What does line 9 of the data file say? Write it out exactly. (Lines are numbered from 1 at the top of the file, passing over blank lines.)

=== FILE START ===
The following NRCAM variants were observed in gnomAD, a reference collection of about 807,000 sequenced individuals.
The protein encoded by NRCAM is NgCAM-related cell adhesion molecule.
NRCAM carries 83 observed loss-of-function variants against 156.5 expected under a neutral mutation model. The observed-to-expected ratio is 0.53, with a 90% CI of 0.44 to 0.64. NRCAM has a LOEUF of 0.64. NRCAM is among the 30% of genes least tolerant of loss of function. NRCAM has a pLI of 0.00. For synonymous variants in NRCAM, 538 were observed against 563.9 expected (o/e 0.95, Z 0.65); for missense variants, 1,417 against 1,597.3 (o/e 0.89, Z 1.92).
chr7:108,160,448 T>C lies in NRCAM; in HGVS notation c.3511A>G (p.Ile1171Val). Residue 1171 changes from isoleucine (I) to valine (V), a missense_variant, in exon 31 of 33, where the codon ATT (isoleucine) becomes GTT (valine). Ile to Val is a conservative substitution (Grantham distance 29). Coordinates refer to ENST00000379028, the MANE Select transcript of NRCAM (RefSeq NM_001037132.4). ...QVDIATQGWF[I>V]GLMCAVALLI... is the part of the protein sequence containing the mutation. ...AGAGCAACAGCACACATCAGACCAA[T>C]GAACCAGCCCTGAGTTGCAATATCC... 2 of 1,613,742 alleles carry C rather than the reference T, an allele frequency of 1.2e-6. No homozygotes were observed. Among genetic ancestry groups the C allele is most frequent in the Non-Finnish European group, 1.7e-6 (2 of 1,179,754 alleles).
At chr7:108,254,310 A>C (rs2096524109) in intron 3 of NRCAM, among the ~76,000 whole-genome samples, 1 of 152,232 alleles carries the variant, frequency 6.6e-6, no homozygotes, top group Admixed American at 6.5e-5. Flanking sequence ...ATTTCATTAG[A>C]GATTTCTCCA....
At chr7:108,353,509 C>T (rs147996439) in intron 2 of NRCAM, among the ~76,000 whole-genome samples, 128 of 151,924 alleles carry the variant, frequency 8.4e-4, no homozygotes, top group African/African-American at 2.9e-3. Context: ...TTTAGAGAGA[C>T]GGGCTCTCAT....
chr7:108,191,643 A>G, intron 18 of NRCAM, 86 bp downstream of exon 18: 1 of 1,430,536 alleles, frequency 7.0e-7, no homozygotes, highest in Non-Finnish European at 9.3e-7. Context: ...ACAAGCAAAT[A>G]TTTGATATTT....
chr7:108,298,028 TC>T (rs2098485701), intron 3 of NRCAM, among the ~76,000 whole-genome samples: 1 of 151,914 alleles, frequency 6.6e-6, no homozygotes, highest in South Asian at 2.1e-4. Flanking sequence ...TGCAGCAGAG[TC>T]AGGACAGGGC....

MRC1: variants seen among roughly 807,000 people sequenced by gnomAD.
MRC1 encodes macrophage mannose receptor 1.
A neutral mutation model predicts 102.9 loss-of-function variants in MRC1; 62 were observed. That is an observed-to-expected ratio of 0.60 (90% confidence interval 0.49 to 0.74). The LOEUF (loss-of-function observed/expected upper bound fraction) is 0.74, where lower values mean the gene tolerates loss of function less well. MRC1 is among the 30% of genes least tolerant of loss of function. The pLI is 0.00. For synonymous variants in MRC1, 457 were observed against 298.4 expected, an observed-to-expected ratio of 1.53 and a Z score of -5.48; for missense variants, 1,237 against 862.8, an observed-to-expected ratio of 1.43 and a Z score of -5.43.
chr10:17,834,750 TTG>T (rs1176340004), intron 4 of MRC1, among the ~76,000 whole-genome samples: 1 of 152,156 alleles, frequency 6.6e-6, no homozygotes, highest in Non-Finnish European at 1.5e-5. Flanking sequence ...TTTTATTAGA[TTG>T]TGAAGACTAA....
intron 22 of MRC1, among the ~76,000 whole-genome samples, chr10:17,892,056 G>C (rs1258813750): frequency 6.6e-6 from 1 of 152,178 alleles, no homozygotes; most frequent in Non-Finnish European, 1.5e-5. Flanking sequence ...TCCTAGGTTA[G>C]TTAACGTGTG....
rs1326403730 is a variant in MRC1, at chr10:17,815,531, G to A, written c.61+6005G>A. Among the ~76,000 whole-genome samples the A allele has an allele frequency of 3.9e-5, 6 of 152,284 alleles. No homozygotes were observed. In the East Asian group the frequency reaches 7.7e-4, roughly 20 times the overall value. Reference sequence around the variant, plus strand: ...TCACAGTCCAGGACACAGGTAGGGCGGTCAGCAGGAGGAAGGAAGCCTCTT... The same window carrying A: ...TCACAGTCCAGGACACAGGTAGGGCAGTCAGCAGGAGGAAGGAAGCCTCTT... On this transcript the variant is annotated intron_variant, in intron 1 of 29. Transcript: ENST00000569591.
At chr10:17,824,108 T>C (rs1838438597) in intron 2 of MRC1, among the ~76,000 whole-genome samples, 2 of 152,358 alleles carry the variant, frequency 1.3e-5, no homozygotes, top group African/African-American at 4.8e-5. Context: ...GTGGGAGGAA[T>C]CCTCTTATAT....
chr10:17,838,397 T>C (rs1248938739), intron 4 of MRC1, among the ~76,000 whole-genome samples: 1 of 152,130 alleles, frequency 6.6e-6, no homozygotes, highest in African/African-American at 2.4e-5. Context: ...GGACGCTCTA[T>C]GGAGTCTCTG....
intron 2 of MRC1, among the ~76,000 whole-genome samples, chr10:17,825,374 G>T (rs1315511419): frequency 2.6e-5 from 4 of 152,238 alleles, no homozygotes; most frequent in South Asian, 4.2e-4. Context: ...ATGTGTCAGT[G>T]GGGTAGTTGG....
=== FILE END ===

MRC1: variants seen among roughly 807,000 people sequenced by gnomAD.